𓅛 Pumilo

Birds, Wildlife and Gardening

The Tarkine rainforest transports you back in time – and perhaps to a future where we value Australia’s remaining treasures | David Pocock

<p>We have an opportunity to reorient our lives back towards nature, reshaping our economy to benefit all Australians – human and non-human</p><p>Australian wildlife. Koalas, platypus, wallabies. We use them as our emblems, put them on our coins, name our sporting teams after them and companies use them as logos. Echidnas, dingoes, kangaroos. They are part of the fabric of our national identity. And so they should be. Most of them are found nowhere else on Earth. Wombats, numbats, bettongs. This continent is home to an amazing diversity of plants and animals, not to mention the unique landscapes they call home. They make Australia what it is and were here long before humans arrived. Antechinus, quolls, phascogales. But do we actually care about them? Of course we do! But can we honestly say that, if we judge ourselves by our actions? Thylacine, Bramble Cay melomys, Christmas Island pipistrelle.</p><p> <span>Related: </span><a href="https://www.theguardian.com/australia-news/2021/jul/15/legal-threat-stops-work-on-mine-project-in-tasmanias-tarkine">Legal threat stops work on mine project in Tasmania’s Tarkine </a> </p> <a href="https://www.theguardian.com/commentisfree/2021/jul/22/the-tarkine-rainforest-transports-you-back-in-time-and-perhaps-to-a-future-where-we-value-australias-remaining-treasures">Continue reading...</a>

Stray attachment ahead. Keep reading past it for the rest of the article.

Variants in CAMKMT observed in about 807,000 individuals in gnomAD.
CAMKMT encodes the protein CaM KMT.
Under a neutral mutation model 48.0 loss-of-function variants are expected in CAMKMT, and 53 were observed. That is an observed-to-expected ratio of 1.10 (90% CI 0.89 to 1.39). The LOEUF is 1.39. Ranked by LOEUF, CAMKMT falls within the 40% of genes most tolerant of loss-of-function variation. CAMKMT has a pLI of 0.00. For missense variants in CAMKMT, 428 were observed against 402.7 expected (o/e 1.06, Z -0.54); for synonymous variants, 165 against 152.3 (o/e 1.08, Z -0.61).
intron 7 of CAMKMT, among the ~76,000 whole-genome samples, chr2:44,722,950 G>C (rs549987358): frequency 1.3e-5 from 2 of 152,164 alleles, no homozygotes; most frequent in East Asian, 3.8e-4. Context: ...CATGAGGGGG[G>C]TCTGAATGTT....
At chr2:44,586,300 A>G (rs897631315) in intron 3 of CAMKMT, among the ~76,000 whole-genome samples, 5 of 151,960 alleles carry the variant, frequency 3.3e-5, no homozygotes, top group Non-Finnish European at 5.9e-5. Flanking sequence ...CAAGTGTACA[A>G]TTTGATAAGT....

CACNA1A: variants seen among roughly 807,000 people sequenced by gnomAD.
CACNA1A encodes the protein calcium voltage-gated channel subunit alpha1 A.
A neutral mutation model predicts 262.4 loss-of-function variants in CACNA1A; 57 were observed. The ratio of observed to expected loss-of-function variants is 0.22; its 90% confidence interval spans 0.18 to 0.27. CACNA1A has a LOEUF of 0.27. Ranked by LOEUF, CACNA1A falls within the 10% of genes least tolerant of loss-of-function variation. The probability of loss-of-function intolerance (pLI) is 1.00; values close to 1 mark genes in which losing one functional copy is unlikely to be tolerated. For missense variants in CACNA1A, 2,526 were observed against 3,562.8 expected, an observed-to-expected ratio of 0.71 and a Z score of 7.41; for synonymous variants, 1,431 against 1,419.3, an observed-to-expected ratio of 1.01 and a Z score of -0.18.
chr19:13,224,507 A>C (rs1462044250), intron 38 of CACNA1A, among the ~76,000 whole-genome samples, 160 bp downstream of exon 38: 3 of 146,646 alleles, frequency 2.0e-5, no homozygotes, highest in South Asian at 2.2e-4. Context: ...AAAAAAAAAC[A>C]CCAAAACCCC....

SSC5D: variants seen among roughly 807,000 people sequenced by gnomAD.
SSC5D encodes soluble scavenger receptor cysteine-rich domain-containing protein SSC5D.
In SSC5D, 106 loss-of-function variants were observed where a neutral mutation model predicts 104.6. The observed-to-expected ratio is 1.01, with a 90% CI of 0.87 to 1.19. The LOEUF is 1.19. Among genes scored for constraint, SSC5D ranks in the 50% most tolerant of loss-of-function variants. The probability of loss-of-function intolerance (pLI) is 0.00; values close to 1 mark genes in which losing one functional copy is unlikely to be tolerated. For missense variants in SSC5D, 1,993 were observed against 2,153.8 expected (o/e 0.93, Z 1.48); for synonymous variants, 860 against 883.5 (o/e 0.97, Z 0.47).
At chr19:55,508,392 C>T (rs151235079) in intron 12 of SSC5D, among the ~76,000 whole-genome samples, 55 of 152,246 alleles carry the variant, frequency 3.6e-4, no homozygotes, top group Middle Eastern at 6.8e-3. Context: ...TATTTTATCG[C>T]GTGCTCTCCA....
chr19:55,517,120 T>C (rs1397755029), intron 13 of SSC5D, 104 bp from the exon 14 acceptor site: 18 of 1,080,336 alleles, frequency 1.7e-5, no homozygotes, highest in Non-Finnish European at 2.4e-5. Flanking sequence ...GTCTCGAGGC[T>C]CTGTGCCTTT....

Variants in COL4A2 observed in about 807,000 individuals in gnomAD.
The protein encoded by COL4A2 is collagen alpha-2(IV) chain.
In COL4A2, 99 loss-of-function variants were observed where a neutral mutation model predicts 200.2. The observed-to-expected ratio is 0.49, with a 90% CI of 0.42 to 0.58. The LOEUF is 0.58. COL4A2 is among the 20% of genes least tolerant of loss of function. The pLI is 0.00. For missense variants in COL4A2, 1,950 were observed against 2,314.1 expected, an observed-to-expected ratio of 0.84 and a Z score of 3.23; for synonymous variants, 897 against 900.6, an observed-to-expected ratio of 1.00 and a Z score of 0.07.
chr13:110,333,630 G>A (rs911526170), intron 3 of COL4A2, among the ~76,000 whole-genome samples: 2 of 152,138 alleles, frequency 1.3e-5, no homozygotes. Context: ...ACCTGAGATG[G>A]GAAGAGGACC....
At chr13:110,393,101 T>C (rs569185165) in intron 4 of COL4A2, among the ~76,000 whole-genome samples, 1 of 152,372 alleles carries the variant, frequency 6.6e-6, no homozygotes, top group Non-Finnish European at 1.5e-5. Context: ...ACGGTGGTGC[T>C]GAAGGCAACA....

We have an opportunity to reorient our lives back towards nature, reshaping our economy to benefit all Australians – human and non-human

Australian wildlife. Koalas, platypus, wallabies. We use them as our emblems, put them on our coins, name our sporting teams after them and companies use them as logos. Echidnas, dingoes, kangaroos. They are part of the fabric of our national identity. And so they should be. Most of them are found nowhere else on Earth. Wombats, numbats, bettongs. This continent is home to an amazing diversity of plants and animals, not to mention the unique landscapes they call home. They make Australia what it is and were here long before humans arrived. Antechinus, quolls, phascogales. But do we actually care about them? Of course we do! But can we honestly say that, if we judge ourselves by our actions? Thylacine, Bramble Cay melomys, Christmas Island pipistrelle.

Related: Legal threat stops work on mine project in Tasmania’s Tarkine

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